Book Review: Love and Pornography

Image description: The book cover is brown and features a stylized drawing of a face and a hand reaching out to touch the figure’s cheek. The text reads: “Victoria and Garry Prater, Love and Pornography, Dealing With Porn and Saving your Relationship, Call it an addiction, compulsion, habit or harmless fun; porn is powerfully attractive to some yet repulsive to others. When porn disrupts your life, find hope, healing, and connection in this compassionate approach.” The book sets facing out on a shelf filled with other books about pornography.

Dear readers of The Unlaced Librarian will likely not be shocked to hear that I have a hard time finding good books at the juncture of relationships and pornography. A lot of books that discuss pornography in long-term relationships are quite direct: Porn is bad and the person in the relationship who is viewing porn should stop. The end.

I don’t hold this view. I believe porn, erotica, and sexual fantasy can play a healthy role in long-term relationships, if people can communicate honestly about these things.

That being said… drum roll please… I really liked this book!

Love and Pornography: Dealing with Porn and Saving your Relationship by Victoria and Garry Prater is a personal and balanced approach to communicating about the role pornography plays in long term relationships.

The authors, who are partners in a long term relationship, wrote this book together. They each take turns throughout the book explaining their views on the issues at hand. Each voice is distinct and independent, but has a compassion for the other and a drive to reach a mutual understanding.

I really liked this book because the authors take a holistic look at their relationship. Instead of just talking about the issue of porn or demonizing the porn itself, the narration looks at the unique relationship and focuses on the needs therein. They examine communication, security, trust, attraction, sexual fantasy, past experiences, the role of language, and how to navigate advice or opening up to others.

I really can’t categorize this book as either anti-porn or pro-porn. The authors really do put their relationship before the social judgments levied against porn. This was definitely a refreshing outlook on working through an issue that I have found impacts pretty much every relationship at one point or another.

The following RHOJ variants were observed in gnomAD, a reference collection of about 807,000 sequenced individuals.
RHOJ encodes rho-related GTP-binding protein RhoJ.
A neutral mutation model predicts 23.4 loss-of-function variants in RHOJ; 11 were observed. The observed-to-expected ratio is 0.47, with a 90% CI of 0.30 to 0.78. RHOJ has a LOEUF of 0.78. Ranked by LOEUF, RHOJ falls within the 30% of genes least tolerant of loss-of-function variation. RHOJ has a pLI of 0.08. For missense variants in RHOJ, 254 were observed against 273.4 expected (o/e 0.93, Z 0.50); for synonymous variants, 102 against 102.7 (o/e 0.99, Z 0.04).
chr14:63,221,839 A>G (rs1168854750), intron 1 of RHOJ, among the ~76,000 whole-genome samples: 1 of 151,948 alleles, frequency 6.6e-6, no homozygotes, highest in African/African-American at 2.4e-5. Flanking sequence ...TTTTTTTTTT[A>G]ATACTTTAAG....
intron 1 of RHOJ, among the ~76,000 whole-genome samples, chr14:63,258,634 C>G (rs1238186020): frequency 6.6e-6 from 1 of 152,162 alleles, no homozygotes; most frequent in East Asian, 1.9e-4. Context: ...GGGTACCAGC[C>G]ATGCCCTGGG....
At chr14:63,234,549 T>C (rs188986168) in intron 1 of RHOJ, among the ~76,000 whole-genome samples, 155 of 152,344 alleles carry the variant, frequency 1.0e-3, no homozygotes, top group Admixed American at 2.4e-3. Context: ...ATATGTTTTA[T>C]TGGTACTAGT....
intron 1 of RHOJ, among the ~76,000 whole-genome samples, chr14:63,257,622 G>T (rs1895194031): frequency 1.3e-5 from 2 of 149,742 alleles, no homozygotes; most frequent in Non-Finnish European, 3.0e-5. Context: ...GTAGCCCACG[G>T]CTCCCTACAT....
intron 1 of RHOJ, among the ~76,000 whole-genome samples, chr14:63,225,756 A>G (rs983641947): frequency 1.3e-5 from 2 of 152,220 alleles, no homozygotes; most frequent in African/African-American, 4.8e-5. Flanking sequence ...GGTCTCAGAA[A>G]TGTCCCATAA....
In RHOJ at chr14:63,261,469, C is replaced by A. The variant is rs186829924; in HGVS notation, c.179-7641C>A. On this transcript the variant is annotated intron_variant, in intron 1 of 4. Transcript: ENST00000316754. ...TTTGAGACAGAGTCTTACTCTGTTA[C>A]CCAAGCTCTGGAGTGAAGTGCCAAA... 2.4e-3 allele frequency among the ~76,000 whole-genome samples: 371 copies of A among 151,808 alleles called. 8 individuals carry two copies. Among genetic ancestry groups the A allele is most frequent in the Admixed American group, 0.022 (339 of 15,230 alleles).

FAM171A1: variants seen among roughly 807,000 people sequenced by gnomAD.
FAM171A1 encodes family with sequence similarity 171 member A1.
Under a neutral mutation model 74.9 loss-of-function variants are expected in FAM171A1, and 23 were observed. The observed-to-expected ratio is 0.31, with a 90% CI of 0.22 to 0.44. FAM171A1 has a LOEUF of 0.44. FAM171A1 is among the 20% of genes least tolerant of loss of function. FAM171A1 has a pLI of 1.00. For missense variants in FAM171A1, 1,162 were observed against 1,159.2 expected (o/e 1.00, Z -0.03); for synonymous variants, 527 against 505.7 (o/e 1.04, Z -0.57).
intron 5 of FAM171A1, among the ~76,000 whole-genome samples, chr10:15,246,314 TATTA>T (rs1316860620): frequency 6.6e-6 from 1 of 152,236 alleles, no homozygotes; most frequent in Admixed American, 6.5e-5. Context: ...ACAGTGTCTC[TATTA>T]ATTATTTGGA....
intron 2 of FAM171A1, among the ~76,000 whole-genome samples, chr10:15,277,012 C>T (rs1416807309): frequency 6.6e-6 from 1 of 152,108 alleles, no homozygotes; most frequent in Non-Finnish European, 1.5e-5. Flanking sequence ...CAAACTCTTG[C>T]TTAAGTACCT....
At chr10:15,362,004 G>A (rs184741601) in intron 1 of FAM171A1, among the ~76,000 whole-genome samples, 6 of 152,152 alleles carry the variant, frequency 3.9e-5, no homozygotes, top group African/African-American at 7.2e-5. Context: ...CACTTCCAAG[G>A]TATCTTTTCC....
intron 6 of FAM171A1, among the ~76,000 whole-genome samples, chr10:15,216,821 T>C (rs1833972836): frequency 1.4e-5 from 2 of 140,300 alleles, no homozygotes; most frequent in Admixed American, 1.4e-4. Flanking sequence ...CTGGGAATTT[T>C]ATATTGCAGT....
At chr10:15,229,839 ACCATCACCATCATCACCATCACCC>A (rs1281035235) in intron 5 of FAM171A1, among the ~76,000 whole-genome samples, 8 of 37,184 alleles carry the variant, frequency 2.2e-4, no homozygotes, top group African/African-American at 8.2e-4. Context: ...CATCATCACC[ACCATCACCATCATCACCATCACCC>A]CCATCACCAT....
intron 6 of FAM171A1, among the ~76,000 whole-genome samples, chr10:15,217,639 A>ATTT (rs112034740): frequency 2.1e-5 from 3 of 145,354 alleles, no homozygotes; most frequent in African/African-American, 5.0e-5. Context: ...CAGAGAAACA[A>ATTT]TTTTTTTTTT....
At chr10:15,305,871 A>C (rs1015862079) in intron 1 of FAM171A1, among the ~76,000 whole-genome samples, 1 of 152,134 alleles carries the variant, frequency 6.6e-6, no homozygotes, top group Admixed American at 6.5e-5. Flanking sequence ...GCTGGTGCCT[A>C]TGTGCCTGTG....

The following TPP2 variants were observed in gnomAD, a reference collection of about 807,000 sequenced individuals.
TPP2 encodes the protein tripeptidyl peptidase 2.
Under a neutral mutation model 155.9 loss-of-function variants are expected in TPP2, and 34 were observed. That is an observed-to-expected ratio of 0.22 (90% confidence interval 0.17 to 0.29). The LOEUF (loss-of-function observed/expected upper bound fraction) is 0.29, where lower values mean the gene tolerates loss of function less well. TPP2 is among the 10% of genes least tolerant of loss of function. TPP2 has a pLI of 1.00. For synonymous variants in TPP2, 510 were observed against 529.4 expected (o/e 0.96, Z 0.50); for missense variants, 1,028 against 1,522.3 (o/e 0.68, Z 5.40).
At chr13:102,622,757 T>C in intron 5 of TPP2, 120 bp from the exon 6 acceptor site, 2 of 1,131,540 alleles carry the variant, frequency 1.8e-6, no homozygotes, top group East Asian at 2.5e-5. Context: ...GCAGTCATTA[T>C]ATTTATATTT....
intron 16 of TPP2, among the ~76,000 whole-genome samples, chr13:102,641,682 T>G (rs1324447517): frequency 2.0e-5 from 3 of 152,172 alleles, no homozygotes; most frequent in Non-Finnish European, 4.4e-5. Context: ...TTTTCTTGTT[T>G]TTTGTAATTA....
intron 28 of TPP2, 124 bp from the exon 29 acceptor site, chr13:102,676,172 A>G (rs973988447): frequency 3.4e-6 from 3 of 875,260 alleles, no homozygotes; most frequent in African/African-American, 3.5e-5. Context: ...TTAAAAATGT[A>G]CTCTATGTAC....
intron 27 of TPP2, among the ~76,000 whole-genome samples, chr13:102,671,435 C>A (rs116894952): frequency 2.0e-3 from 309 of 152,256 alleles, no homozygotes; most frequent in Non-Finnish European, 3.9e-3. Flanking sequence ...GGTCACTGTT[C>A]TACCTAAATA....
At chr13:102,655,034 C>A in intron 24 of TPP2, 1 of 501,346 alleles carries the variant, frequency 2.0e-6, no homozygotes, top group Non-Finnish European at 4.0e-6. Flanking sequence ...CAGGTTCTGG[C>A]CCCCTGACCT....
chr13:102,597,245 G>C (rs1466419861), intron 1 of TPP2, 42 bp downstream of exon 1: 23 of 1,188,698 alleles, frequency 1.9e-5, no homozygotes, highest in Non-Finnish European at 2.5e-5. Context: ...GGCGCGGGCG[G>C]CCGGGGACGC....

This book also discusses Non-Violent Communication and models several conversations–which I think is a really important resource considering how emotionally-charged the topic of porn can be.

The book includes a needs and feelings inventory in the back appendix which are both very valuable.

My one quibble with the book was one brief comment about how porn performers are abused or only go into the adult industry because they lack other healthy choices for work. I would encourage anyone discussing pornography to seek out resources where porn performers or those involved with the adult industry tell their own stories. The book Coming Out Like a Porn Star is a good place to begin.

Overall I highly recommend this book to couples who are genuinely looking to make a mutual connection and work through the conflict concerning the role of porn in relationships. Rather than arguing about porn or spreading shame, this book takes a compassionate approach that does not belittle the voice of the porn viewer and acknowledges the sexual needs of both partners.

Even if you are not in a relationship but have a conflict about porn, I highly recommend checking this book out. I feel it is a great space to work through personal problems in a way that models excellent communication and helps manage emotions in a healthy way.

Finally, the ending of the book is left open so couples can continue to focus on the needs of their own unique relationship. There is no push one way or the other and I think that’s important. I give this book 5/5 stars and gladly loan it to those who are dealing with porn in their relationships.

1 thought on “Book Review: Love and Pornography

  1. This is so great to be aware of! It sounds like it would be a really useful adjunct to the therapy process around this. Thank you! And thank you for the warning about the assumptions about performers. 👊🏼

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